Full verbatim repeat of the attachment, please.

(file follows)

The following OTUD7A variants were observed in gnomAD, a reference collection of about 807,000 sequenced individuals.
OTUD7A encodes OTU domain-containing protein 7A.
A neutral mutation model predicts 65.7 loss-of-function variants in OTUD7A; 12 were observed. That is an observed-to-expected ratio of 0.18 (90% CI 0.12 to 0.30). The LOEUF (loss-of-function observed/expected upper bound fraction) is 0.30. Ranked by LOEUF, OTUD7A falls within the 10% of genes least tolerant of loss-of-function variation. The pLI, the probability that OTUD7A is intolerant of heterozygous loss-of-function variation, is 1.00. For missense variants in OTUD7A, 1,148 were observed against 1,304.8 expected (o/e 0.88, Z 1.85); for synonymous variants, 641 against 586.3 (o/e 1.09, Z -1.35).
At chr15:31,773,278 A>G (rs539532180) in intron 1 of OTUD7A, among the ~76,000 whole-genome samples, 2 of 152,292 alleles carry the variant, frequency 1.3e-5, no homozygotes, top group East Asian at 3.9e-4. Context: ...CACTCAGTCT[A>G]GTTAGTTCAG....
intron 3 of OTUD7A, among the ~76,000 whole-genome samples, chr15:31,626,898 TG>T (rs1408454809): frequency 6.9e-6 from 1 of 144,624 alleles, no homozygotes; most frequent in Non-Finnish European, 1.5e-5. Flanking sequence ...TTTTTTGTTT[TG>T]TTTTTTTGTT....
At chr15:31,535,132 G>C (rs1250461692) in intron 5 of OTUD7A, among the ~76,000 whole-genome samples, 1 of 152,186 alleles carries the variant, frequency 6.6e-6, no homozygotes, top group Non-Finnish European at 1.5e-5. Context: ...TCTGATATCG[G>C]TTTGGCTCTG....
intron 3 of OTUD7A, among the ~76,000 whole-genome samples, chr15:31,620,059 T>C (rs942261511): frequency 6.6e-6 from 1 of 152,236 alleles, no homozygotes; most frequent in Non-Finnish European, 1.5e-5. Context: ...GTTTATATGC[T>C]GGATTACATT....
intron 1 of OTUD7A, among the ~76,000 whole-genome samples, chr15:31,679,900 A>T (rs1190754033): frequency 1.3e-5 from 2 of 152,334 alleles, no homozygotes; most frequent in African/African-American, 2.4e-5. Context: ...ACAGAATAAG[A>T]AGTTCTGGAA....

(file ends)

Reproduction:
The following OTUD7A variants were observed in gnomAD, a reference collection of about 807,000 sequenced individuals.
OTUD7A encodes OTU domain-containing protein 7A.
A neutral mutation model predicts 65.7 loss-of-function variants in OTUD7A; 12 were observed. That is an observed-to-expected ratio of 0.18 (90% CI 0.12 to 0.30). The LOEUF (loss-of-function observed/expected upper bound fraction) is 0.30. Ranked by LOEUF, OTUD7A falls within the 10% of genes least tolerant of loss-of-function variation. The pLI, the probability that OTUD7A is intolerant of heterozygous loss-of-function variation, is 1.00. For missense variants in OTUD7A, 1,148 were observed against 1,304.8 expected (o/e 0.88, Z 1.85); for synonymous variants, 641 against 586.3 (o/e 1.09, Z -1.35).
At chr15:31,773,278 A>G (rs539532180) in intron 1 of OTUD7A, among the ~76,000 whole-genome samples, 2 of 152,292 alleles carry the variant, frequency 1.3e-5, no homozygotes, top group East Asian at 3.9e-4. Context: ...CACTCAGTCT[A>G]GTTAGTTCAG....
intron 3 of OTUD7A, among the ~76,000 whole-genome samples, chr15:31,626,898 TG>T (rs1408454809): frequency 6.9e-6 from 1 of 144,624 alleles, no homozygotes; most frequent in Non-Finnish European, 1.5e-5. Flanking sequence ...TTTTTTGTTT[TG>T]TTTTTTTGTT....
At chr15:31,535,132 G>C (rs1250461692) in intron 5 of OTUD7A, among the ~76,000 whole-genome samples, 1 of 152,186 alleles carries the variant, frequency 6.6e-6, no homozygotes, top group Non-Finnish European at 1.5e-5. Context: ...TCTGATATCG[G>C]TTTGGCTCTG....
intron 3 of OTUD7A, among the ~76,000 whole-genome samples, chr15:31,620,059 T>C (rs942261511): frequency 6.6e-6 from 1 of 152,236 alleles, no homozygotes; most frequent in Non-Finnish European, 1.5e-5. Context: ...GTTTATATGC[T>C]GGATTACATT....
intron 1 of OTUD7A, among the ~76,000 whole-genome samples, chr15:31,679,900 A>T (rs1190754033): frequency 1.3e-5 from 2 of 152,334 alleles, no homozygotes; most frequent in African/African-American, 2.4e-5. Context: ...ACAGAATAAG[A>T]AGTTCTGGAA....